However, I also have a small circular convex mirror (about 25 mm/1" in diameter) positioned in the top outside corner of each mirror and this gives me a greater view of whatever is just behind me and alongside me.

But I always turn my head and look when changing lanes too, whether going into a slower or faster lane. There's a huge blind spot out there alongside and slightly behind you, big enough to hide a large car.
 

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Discussion Starter #9
I agree that the head turn is a must. A couple of times I have not turned my head and each time I came close to having a problem.:frown:
 

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good discussion on this thread.

and it looks like we've all learned the same lesson the hard way - those mirrors don't tell the whole truth and they cant be relied on. they are useful, but they don't beat a turned head :)

I have a Gremlin bell on my bike - it hangs from my right mirror (stem). that reminds me to be looking just as hard, and cranking my neck, on those lane changes to the right side :)

dT
 

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..........It's absolutely important that you look over your shoulder and check before you make that lane change. WHY? because your mirrors will never catch all drivers.
Very good advice! Your mirrors are a help, but you MUST turn and look (unless you like being dead, that is!).

As for "Mirror" position..........I have them both pointing "just to the outer edge of my arm" on both sides, (left/right setting) and "just above my shoulder" (up/down).

-Soupy
 

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I have my mirrors adjusted to see the lanes right and left of me. If someone is directly behind me they are in a blind spot. But if they start around either left or right I spot them. This is different than my 85 Electra Glide. The mirrors there were on the handle bars by clutch and brake and stuck out farther so I could actually see someone right behind me. The 07 has the mirrors on the fairing and much closer in. There is still nothing that works better than moving the head though. Someone can be right next to you before you know it. Especially another motorcyclist.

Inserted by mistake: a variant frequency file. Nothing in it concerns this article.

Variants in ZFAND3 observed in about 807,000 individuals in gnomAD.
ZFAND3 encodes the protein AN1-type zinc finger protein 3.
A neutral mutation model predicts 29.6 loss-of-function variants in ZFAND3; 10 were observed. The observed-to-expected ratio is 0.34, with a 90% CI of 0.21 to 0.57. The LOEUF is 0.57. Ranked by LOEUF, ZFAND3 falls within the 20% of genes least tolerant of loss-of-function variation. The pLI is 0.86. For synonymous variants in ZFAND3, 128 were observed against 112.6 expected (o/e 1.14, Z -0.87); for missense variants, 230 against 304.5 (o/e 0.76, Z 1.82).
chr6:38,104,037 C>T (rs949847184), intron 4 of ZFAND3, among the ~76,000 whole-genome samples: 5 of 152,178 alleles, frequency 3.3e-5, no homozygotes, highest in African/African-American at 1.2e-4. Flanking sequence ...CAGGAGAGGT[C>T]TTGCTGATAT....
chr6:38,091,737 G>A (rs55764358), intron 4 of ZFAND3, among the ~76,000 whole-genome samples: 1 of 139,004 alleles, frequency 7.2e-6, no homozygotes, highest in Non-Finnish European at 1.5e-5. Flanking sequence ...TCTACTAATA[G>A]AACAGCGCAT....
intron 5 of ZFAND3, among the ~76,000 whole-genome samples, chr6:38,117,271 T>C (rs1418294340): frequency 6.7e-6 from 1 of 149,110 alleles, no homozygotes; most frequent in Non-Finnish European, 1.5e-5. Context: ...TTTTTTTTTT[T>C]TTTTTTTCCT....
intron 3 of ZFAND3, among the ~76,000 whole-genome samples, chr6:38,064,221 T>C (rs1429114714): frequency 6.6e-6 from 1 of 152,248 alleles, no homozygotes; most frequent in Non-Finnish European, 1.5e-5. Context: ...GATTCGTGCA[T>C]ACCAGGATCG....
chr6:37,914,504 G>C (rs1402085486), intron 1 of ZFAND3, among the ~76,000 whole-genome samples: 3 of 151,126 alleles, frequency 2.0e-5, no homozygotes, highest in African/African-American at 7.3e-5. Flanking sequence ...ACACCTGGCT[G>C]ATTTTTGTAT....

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I'm a liberal rider. I avoid moving to the right at all costs. I like to BELIEVE my view forward AND backwards is centered, "fair and balanced," however conservatives have told me it is not so.
Wade, what can I tell you? I try to never move left unless I am forced to do so. I vastly prefer to stay firmly in the middle, around what liberals might call a nazi point of view. I think that every action by an individual should reflect back on that individual completely. I am responsible for every one of my actions and take no shelter from any outside organizations. If I am having any trouble with the law, it is my problem, not the problem of the liberal press or the ACLU. Stay the heck out of my business and we will get along just fine. I am a true centrist in my attitudes. I ask nothing from liberals or extreme conservatives. I am simply me and I accept full responsibility for all of my actions. Do you do the same?
 

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In my left mirror I see what's behind me in the lane left of me, same for right. When I move my upper arm a little, I can see the edge of a car behind me. But generally, what's behind me is not so important, because I ride faster than the cars do.
 

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Those are the ones you want to watch out for. They can be next to you before you realize it. REALLY!
 

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I keep mine equal on both sides. I need to see equally well on both sides. I don't ride in the right lane all of the time
 

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Goliath .. i switched to Kury long stems several years ago. there are pros and cons. you can definitely get a better angle on the traffic behind you. but there is substantially more mirror vibration and so the reflected images are more blurred. there is a possible fix ... buy a unit called The Vibranator that installs in the end of ONE of your handlebars. that reduces the vibes a lot.

otherwise my eyes and brain have got fairly good at recognizing fuzzed-out images from the mirrors. but some time i need to get rid of the handlebar vibes myself :)

dT